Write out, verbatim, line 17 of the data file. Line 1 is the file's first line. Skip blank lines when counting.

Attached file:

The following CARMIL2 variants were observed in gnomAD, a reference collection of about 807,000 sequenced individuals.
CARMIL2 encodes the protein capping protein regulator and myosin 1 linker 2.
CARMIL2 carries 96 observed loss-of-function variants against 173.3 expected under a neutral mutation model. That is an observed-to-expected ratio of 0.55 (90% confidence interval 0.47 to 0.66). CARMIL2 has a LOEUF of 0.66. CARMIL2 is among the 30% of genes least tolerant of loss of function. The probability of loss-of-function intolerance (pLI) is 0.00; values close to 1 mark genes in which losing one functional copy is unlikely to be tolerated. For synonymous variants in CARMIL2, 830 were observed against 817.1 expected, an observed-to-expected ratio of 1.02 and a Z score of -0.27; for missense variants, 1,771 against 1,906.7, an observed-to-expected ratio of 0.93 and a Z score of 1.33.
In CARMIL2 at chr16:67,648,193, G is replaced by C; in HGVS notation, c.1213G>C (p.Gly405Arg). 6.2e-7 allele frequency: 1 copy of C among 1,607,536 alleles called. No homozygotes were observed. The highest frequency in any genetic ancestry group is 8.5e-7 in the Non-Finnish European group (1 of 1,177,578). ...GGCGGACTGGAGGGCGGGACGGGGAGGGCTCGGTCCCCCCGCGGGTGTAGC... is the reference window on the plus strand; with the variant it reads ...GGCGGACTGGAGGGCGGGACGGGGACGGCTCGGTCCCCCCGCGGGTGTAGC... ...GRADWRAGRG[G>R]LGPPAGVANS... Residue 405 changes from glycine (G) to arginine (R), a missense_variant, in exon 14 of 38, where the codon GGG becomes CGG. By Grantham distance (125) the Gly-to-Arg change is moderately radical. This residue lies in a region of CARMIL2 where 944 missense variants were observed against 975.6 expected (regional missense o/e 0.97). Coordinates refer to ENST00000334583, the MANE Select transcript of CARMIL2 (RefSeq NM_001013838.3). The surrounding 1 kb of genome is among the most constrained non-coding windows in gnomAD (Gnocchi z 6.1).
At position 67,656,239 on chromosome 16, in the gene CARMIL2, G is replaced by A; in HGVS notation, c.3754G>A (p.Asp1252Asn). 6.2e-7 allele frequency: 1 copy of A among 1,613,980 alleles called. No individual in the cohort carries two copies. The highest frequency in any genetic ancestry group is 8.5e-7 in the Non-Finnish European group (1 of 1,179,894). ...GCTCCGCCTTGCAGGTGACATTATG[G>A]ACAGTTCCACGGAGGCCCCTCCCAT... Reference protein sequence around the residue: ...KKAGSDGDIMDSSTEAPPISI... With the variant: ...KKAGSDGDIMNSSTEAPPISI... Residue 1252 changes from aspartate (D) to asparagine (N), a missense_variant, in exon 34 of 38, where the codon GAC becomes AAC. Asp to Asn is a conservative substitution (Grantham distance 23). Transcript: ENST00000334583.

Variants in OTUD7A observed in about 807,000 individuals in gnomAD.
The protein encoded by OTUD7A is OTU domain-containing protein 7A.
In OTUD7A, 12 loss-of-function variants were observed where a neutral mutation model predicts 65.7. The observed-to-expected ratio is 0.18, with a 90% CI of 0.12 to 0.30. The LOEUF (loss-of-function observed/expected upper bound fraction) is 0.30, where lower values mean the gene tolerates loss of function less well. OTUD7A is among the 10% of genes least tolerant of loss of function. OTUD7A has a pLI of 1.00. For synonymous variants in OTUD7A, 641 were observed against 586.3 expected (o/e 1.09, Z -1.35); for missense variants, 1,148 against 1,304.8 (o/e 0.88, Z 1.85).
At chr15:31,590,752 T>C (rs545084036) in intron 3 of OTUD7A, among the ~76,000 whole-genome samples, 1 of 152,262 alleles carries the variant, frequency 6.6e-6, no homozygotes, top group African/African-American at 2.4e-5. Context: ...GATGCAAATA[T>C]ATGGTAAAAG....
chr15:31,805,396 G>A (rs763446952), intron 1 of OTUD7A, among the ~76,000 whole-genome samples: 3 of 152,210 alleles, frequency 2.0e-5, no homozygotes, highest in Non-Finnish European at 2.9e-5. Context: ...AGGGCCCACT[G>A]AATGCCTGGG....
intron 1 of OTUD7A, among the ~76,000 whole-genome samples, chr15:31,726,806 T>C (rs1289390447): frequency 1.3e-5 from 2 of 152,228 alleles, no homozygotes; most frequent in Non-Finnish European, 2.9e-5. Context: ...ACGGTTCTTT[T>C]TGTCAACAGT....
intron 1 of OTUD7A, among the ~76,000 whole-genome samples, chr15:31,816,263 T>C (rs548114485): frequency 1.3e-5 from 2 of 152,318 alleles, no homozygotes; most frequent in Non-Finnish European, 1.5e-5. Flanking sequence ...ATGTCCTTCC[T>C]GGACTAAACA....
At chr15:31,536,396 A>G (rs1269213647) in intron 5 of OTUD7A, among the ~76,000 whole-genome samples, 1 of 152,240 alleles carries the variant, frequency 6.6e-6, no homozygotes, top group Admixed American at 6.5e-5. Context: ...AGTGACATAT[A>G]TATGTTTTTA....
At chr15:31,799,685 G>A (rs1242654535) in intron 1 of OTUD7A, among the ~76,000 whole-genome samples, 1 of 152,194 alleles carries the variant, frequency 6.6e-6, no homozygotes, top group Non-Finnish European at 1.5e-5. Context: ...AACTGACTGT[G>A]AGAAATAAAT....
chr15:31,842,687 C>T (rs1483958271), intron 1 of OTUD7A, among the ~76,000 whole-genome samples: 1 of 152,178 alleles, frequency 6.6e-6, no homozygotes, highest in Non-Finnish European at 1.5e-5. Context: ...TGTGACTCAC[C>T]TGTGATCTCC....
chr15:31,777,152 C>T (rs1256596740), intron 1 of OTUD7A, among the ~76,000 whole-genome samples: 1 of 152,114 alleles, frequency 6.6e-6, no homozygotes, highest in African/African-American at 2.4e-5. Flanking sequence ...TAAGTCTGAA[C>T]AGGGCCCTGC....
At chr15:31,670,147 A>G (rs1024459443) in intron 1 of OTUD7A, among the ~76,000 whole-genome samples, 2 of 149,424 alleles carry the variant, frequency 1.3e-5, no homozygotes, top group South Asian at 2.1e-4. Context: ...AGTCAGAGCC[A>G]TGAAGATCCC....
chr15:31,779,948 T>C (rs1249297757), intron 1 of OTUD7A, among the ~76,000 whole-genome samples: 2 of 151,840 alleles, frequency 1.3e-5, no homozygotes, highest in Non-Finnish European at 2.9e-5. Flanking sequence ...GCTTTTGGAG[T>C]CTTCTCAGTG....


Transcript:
At chr15:31,670,147 A>G (rs1024459443) in intron 1 of OTUD7A, among the ~76,000 whole-genome samples, 2 of 149,424 alleles carry the variant, frequency 1.3e-5, no homozygotes, top group South Asian at 2.1e-4. Context: ...AGTCAGAGCC[A>G]TGAAGATCCC....